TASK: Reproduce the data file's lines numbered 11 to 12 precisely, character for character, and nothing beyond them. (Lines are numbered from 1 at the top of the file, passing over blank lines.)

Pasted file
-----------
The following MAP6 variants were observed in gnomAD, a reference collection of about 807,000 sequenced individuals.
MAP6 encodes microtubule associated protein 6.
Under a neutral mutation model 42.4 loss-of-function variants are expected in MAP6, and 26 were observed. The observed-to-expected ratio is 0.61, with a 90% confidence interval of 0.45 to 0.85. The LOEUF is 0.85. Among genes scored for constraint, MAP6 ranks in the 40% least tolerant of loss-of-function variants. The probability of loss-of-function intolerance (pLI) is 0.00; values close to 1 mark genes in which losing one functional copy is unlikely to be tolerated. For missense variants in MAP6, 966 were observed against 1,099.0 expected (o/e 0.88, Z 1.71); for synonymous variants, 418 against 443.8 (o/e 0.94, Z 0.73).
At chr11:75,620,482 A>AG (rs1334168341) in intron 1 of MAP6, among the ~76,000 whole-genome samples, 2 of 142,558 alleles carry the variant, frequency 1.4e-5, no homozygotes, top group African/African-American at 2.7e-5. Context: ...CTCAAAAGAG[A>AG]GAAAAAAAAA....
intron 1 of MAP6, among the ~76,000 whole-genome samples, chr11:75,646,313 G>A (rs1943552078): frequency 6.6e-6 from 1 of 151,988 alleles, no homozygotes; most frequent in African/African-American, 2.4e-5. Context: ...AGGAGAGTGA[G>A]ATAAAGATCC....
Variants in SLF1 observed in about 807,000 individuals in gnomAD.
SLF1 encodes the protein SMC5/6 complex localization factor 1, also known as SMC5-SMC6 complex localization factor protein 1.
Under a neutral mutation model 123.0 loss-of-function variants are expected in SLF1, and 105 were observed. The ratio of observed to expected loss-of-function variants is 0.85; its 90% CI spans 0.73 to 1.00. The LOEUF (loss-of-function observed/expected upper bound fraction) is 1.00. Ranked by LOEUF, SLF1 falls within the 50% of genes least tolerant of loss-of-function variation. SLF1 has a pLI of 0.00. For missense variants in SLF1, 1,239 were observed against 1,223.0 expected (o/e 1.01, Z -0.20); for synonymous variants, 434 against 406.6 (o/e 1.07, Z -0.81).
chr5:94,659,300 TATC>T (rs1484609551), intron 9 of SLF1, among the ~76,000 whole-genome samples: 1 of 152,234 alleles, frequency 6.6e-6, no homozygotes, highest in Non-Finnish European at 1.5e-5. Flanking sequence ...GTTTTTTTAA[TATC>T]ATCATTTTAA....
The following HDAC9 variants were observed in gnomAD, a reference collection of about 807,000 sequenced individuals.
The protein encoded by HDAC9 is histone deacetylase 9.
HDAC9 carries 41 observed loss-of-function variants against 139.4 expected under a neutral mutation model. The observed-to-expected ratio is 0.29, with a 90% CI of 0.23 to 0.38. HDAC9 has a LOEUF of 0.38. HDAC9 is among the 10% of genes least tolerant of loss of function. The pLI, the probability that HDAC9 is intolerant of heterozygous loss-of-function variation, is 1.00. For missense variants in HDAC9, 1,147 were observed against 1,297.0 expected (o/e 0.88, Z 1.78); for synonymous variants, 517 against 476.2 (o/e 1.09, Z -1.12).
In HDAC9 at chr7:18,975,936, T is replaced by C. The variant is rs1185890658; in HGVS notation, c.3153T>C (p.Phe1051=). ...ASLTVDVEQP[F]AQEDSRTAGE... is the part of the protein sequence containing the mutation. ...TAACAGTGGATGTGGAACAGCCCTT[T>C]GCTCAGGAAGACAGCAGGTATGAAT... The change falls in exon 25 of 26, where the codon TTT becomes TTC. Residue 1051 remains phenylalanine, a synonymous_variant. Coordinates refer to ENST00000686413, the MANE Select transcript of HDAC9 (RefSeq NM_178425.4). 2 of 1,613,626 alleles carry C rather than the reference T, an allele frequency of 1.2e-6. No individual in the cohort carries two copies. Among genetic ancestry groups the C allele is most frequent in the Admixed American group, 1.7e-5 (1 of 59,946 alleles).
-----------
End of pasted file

The protein encoded by HDAC9 is histone deacetylase 9.
HDAC9 carries 41 observed loss-of-function variants against 139.4 expected under a neutral mutation model. The observed-to-expected ratio is 0.29, with a 90% CI of 0.23 to 0.38. HDAC9 has a LOEUF of 0.38. HDAC9 is among the 10% of genes least tolerant of loss of function. The pLI, the probability that HDAC9 is intolerant of heterozygous loss-of-function variation, is 1.00. For missense variants in HDAC9, 1,147 were observed against 1,297.0 expected (o/e 0.88, Z 1.78); for synonymous variants, 517 against 476.2 (o/e 1.09, Z -1.12).